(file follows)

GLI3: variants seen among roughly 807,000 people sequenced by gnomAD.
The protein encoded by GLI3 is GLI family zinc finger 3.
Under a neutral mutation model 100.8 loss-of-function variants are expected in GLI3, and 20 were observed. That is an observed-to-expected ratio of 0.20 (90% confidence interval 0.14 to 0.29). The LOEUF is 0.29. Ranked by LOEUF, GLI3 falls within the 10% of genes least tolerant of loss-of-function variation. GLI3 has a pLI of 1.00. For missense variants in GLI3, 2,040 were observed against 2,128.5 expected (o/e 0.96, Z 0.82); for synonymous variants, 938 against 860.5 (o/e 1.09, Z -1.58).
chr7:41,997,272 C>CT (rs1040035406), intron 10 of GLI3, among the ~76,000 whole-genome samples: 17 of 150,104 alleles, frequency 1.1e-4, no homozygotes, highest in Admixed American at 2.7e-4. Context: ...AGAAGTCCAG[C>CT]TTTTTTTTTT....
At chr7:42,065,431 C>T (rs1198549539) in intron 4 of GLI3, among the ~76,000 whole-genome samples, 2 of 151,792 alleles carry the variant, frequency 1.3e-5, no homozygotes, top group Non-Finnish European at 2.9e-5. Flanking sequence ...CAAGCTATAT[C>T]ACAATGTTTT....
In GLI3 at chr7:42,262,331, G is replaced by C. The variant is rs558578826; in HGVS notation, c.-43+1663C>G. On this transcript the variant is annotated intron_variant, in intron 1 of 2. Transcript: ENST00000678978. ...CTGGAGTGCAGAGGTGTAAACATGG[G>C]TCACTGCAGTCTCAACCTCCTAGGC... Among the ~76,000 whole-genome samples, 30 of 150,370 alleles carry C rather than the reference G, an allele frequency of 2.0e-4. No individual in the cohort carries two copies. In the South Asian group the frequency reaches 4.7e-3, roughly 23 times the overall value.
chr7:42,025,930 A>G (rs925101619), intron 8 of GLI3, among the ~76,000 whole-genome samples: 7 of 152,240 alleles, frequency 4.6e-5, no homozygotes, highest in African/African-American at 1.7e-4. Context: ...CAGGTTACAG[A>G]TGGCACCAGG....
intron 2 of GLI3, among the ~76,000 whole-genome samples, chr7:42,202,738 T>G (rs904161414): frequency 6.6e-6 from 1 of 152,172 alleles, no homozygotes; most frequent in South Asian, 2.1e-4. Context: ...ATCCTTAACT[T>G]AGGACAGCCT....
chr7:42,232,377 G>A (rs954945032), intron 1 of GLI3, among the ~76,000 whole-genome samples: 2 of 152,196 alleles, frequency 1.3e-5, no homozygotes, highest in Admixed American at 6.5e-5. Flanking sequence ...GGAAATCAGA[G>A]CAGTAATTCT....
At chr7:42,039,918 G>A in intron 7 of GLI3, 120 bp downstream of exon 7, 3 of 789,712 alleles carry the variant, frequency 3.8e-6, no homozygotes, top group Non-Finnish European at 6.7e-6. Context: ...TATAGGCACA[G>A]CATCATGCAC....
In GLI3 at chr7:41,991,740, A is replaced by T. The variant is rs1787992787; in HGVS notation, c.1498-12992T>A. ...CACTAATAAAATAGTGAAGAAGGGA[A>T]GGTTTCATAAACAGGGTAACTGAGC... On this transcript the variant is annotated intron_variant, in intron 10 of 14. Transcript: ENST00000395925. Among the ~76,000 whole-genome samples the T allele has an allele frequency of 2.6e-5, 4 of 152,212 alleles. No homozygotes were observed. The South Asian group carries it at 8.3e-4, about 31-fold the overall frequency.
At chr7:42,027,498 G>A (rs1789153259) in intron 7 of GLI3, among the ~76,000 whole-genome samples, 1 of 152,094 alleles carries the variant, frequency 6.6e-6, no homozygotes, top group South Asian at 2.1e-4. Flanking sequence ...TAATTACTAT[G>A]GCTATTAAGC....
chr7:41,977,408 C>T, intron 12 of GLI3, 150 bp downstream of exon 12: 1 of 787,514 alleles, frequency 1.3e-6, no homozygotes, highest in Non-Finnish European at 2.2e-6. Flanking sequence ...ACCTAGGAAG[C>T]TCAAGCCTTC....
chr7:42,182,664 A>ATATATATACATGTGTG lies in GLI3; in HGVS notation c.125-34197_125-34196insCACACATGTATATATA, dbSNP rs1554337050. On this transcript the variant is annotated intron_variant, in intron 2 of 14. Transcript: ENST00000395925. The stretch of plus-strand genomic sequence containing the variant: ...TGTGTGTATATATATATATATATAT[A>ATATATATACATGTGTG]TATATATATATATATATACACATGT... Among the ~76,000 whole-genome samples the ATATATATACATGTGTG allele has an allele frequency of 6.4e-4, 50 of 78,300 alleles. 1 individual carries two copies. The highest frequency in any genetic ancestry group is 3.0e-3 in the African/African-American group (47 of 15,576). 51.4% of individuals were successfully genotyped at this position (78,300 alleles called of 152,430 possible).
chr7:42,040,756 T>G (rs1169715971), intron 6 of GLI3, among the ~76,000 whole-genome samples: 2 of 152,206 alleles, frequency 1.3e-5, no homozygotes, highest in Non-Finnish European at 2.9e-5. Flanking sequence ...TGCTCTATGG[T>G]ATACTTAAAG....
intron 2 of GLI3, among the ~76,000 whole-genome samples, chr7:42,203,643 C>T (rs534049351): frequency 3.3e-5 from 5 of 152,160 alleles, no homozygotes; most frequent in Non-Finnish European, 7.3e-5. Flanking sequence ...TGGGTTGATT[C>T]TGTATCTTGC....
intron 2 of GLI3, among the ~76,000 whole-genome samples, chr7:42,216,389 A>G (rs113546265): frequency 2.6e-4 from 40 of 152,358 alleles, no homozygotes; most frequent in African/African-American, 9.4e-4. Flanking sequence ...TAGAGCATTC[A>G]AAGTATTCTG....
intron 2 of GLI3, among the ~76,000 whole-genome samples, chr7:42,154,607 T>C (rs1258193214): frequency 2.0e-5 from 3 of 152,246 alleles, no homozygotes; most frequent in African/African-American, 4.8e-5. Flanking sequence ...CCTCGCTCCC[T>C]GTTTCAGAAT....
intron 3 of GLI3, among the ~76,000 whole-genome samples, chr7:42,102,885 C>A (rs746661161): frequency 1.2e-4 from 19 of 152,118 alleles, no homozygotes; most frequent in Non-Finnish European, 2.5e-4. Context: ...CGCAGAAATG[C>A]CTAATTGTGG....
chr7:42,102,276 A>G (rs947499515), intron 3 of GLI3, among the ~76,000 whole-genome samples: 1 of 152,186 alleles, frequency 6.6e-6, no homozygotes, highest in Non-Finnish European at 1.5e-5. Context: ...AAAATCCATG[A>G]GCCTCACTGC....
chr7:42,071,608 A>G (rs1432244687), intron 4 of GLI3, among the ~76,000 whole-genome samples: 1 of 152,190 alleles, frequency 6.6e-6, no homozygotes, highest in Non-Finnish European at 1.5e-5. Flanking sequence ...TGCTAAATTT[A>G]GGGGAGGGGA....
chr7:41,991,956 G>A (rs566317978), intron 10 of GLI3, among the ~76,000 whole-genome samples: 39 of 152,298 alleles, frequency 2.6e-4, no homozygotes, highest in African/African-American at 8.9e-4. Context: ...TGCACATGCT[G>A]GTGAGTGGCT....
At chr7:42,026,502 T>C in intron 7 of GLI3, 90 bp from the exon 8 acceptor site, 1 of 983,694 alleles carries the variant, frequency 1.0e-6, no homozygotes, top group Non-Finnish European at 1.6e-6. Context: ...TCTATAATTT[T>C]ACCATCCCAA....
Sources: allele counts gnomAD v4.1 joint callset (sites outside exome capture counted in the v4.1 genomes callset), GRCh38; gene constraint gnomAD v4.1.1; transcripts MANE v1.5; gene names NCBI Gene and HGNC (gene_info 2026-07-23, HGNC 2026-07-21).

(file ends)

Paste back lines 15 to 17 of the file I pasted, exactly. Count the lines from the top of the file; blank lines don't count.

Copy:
chr7:42,040,756 T>G (rs1169715971), intron 6 of GLI3, among the ~76,000 whole-genome samples: 2 of 152,206 alleles, frequency 1.3e-5, no homozygotes, highest in Non-Finnish European at 2.9e-5. Flanking sequence ...TGCTCTATGG[T>G]ATACTTAAAG....
intron 2 of GLI3, among the ~76,000 whole-genome samples, chr7:42,203,643 C>T (rs534049351): frequency 3.3e-5 from 5 of 152,160 alleles, no homozygotes; most frequent in Non-Finnish European, 7.3e-5. Flanking sequence ...TGGGTTGATT[C>T]TGTATCTTGC....
intron 2 of GLI3, among the ~76,000 whole-genome samples, chr7:42,216,389 A>G (rs113546265): frequency 2.6e-4 from 40 of 152,358 alleles, no homozygotes; most frequent in African/African-American, 9.4e-4. Flanking sequence ...TAGAGCATTC[A>G]AAGTATTCTG....